It took me figuring out MY triggers and figuring out solutions for myself in order for my son's lashing out to subside. Now we are ALL in the process of learning together.
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#4 of 16 Old 04-19-2010, 08:41 PM
 
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Originally Posted by NellieKatz View Post
How do you handle your own anger? That seems like a good place to start, because she learns from you.

I hope you don't take offense at the question. My own son used to hit and bite quite a bit....it took me a long time to notice what I had been doing to contribute to the dynamic. My dad used to hit me (back then, spanking was "normal" as a discipline method but he was way too angry also), so having been raised not knowing how to handle angry feelings, it was all too easy for me to behave angrily toward my son. Which of course he fed off of. Even though I did not HIT (etc.), my angry-face, clenched jaw, etc. was like throwing a match onto a haystack...it lit him right up. :-)

It took me figuring out MY triggers and figuring out solutions for myself in order for my son's lashing out to subside. Now we are ALL in the process of learning together.
This is an excellent point! I wasn't spanked as a kid, but lots of anger was expressed in our house (dishes getting broken, yelling, etc)...I have a problem myself with dealing with my anger without lashing out verbally (at everyone except my ds, though). What techniques/solutions have you found? I know I really need to find other ways for myself...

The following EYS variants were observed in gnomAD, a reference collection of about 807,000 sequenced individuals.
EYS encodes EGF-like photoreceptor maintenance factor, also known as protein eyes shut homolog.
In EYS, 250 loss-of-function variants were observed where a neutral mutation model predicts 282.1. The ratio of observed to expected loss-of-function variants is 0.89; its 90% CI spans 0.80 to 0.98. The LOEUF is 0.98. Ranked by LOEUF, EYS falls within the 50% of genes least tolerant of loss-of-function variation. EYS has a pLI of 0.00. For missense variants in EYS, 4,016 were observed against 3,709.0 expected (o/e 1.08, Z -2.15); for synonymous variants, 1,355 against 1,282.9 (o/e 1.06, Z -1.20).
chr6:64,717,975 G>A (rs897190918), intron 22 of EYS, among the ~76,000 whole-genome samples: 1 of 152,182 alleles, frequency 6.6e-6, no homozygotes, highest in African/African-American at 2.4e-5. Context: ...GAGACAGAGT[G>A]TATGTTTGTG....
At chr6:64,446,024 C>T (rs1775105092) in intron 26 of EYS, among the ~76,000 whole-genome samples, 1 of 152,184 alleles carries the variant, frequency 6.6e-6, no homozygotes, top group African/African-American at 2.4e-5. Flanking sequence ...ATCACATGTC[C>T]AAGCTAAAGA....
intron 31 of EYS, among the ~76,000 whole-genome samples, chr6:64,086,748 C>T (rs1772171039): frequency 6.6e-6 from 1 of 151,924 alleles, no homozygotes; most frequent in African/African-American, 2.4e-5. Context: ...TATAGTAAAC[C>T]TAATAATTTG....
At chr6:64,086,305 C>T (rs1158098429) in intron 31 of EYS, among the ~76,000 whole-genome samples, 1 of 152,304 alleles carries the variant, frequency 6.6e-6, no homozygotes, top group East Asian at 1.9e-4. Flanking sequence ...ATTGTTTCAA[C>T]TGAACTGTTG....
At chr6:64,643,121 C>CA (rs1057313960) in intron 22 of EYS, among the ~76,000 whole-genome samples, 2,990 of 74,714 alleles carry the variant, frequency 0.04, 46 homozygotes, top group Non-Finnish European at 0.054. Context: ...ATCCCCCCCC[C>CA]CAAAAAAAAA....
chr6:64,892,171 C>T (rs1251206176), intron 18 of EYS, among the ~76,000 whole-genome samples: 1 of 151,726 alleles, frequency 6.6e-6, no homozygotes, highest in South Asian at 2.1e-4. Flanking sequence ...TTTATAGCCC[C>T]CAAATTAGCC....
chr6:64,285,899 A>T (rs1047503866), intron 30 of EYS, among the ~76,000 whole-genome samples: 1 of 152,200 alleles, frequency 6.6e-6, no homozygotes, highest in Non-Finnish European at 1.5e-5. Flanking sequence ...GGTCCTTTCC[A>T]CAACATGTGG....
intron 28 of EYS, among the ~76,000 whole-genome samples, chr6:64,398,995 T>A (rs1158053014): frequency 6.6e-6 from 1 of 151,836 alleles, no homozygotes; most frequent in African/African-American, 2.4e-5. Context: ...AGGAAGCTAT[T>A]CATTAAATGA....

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#5 of 16 Old 04-19-2010, 09:57 PM - Thread Starter
 
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I'm not offended at all. It's an excellent question and one I don't have a good answer for, because I was spanked as a child and raised to be "quiet" and "good" and never express anger (because only little boys were allowed to be angry ).

I'm at a loss how to teach her to express herself, because I was never taught by my parents. I try to talk through how I'm feeling. But she's still so young she has a hard time expressing herself verbally, in the moment.

So she needs ways to physically get it out. We never did the hitting a pillow or toy thing because when she was little she couldn't distinguish between it being okay to hit a pillow but not the cat (or whatever).

Maybe that could work now though, but I don't know. I'm feeling so helpless about it, and frustrated, and she's picking up on my frustration, for sure.